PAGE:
Posted by Kelly Deutsch, in formation with the Apostles of the Interior Life:
September brought something unexpected. On the plane ride back (always a prime place for good conversations: your seat-mate has no where to run) I had an intriguing conversation with a professional comedian-juggler-sword-swallower. Bill, proclaiming himself an “atheist with deistic tendencies bar one undeniable miracle that would make him a theist”, struck up one of those conversations that you can only have with your best friend or a complete stranger. I mean one of those meaning-of-life, what-are-we-here-for types. A very intelligent fellow, Bill had been a strong fundamentalist Protestant who essentially studied himself out of the faith. Once realizing that his strongly-held beliefs in the literalness of Scripture couldn’t mesh with science, he abandoned his faith in what he deemed to be “fairy tales” and set off to search for the Truth.
Or better, enter Holy Spirit.
What is the purpose of religion? Can reason prove God? Do you believe in the literalness of Scripture, like the world being created in seven 24-hour days? The conversation that started on that airplane continued in emails for weeks into September. How can you be sure religion isn’t just an invention of man? How can you believe in something that you cannot see, or prove with the scientific method? And, at the very base of it all, what is Truth?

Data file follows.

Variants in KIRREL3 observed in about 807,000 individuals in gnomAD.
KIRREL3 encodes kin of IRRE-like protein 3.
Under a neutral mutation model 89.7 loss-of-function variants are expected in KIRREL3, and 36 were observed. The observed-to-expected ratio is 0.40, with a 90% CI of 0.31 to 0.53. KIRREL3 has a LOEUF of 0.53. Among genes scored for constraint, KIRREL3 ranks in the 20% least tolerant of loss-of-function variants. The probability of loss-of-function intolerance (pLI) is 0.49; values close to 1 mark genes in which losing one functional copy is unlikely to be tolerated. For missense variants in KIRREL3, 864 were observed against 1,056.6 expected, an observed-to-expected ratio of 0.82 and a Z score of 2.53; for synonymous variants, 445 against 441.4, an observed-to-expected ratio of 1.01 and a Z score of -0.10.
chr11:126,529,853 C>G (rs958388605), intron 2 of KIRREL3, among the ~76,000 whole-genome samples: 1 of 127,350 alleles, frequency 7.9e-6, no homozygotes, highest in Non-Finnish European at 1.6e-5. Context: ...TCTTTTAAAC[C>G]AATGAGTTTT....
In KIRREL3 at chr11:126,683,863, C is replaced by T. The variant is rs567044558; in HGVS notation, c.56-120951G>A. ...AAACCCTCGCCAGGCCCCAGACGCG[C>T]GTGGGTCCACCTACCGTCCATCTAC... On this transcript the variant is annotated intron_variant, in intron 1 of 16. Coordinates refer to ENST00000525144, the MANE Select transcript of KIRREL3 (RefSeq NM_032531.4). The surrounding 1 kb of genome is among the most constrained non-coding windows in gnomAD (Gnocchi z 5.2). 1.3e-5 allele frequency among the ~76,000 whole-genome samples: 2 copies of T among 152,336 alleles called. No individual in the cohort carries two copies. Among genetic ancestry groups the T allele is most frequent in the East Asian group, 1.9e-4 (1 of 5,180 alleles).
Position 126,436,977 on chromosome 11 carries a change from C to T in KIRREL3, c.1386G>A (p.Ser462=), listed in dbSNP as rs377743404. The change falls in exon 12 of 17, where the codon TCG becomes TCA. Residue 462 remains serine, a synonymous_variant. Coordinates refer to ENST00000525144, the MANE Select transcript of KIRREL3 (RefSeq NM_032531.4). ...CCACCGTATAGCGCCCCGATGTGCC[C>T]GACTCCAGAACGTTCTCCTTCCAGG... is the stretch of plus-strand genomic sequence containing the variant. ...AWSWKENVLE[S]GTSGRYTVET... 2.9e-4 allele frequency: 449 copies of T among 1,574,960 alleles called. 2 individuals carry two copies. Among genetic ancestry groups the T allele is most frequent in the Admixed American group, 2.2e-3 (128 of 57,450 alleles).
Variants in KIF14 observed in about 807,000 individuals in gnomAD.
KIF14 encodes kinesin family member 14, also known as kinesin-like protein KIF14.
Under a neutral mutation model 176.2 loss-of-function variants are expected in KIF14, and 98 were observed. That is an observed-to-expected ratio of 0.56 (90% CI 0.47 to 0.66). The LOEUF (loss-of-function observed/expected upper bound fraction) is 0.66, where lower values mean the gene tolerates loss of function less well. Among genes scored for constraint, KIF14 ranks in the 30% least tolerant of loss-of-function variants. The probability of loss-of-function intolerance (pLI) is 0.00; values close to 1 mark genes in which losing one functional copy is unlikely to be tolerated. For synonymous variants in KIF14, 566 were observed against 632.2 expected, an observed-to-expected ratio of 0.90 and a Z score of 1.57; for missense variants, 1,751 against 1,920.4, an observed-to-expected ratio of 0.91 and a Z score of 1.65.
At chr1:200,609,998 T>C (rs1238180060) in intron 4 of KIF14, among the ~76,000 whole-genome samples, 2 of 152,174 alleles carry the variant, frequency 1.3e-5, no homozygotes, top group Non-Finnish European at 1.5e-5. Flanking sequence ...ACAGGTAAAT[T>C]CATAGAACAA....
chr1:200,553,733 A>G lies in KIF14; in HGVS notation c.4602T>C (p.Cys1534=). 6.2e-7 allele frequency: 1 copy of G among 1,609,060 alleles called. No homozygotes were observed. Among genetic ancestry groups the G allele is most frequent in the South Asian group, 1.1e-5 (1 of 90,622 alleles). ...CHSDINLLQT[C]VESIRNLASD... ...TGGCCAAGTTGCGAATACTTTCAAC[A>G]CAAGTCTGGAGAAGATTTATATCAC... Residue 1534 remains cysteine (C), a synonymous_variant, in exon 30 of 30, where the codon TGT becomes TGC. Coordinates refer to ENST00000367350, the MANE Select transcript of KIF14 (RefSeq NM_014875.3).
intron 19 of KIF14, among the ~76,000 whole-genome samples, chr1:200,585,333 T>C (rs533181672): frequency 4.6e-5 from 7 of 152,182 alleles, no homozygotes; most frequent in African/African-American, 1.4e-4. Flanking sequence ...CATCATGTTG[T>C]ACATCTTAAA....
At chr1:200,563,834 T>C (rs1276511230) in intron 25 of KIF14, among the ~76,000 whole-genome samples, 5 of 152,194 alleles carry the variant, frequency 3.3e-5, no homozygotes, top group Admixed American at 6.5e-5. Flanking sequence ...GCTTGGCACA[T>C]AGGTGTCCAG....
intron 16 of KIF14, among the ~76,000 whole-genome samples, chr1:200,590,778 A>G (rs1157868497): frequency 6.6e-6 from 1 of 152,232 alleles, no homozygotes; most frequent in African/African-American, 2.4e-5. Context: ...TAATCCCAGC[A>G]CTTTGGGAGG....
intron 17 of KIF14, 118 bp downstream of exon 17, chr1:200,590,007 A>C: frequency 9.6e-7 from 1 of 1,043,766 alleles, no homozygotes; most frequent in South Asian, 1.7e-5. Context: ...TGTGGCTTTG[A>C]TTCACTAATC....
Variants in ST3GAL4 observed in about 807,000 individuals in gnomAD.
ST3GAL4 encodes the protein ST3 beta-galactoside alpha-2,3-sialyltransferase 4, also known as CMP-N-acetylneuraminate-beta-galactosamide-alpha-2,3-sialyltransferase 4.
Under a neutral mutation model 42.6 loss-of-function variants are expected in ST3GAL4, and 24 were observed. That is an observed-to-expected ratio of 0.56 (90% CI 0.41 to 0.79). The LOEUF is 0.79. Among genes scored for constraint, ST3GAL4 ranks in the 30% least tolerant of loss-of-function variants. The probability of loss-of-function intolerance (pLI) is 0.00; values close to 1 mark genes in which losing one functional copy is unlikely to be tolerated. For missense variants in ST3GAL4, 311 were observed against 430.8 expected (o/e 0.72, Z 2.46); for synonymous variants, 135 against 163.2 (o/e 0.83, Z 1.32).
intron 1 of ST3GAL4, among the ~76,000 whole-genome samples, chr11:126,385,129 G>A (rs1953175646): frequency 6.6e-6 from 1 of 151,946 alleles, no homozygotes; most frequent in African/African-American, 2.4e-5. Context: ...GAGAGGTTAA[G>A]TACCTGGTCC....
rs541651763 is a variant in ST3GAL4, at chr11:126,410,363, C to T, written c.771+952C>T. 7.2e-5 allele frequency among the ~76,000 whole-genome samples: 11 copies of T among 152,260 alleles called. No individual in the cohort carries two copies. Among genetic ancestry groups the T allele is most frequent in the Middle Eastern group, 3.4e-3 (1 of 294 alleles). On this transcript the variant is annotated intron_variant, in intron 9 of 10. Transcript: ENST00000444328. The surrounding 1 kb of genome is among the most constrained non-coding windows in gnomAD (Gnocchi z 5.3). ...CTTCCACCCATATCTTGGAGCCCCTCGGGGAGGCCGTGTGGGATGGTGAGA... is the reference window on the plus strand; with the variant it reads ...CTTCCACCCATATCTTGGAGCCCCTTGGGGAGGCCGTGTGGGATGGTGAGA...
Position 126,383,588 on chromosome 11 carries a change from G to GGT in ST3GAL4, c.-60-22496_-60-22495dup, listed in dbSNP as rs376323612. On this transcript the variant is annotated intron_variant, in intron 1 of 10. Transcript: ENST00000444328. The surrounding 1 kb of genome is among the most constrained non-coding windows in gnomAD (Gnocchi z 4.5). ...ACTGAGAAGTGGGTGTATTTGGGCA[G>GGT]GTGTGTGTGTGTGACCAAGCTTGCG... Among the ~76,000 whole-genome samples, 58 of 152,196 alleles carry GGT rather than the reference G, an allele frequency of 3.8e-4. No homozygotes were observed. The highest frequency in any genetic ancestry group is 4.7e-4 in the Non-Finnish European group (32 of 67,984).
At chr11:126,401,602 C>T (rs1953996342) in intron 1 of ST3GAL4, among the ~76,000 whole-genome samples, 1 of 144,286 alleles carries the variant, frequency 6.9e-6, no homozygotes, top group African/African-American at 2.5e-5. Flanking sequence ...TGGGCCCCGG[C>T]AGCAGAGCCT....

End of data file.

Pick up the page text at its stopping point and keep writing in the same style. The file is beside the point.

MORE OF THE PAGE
I was struck to find someone who was so passionate on his search for the truth and who refused to settle for anything less. “Something like Santa Clause might make you happy and good, but if it’s not true, how can you believe it? Even if it seems to give you direction, I cannot base my life upon a lie.” His questions pushed me to formulate explanations that I haven’t had to give since Philosophy of Religion class, or Christian Moral Principles or Metaphysics or even that incomprehensible Philosophy of Nature and Science that I took last year at the Lateran. Many things that I took for granted had very high personal stakes for Bill. And seeking to explain them to a person whose meaning in life was on the line threw a new light on them for me–shouldn’t these be profoundly personal for me, too? I can’t just take for granted the fact that God exists, nor the joy and meaningfulness with which my life is full. But there was more; as “intellectually beefy” as our Catholic faith is, it is nothing if not an encounter with the God who is love. How to explain to a disillusioned atheist—whose buoyancy and smile rivaled that of many Christians—the miracle of a life transformed? The miracle of divine providence in my daily life? The way the Lord speaks and moves and delights me? Miracles abound in my life, but you’d have a hard time putting them to a scientific test. “Coincidence.” “Uncanny intuition.” – or are they?
The problem with rationalism is that it usually denies non-material realities. It may be able to prove incredible things in the field of science. But it cannot make sense of love, truth, goodness, beauty, nor even human thought. It doesn’t account for enough of existence.
Or of my experience.
It is precisely our experience of the person of Christ that changes everything. Reasoning is convincing to a certain extent, but when something engages both your head and your heart is when you know you’ve found the deepest Truth. “This makes sense objectively and subjectively. Reality and my personal experience speak to this truth. I would stake my life upon it.” For us, Truth is a Person, and this Person is Love.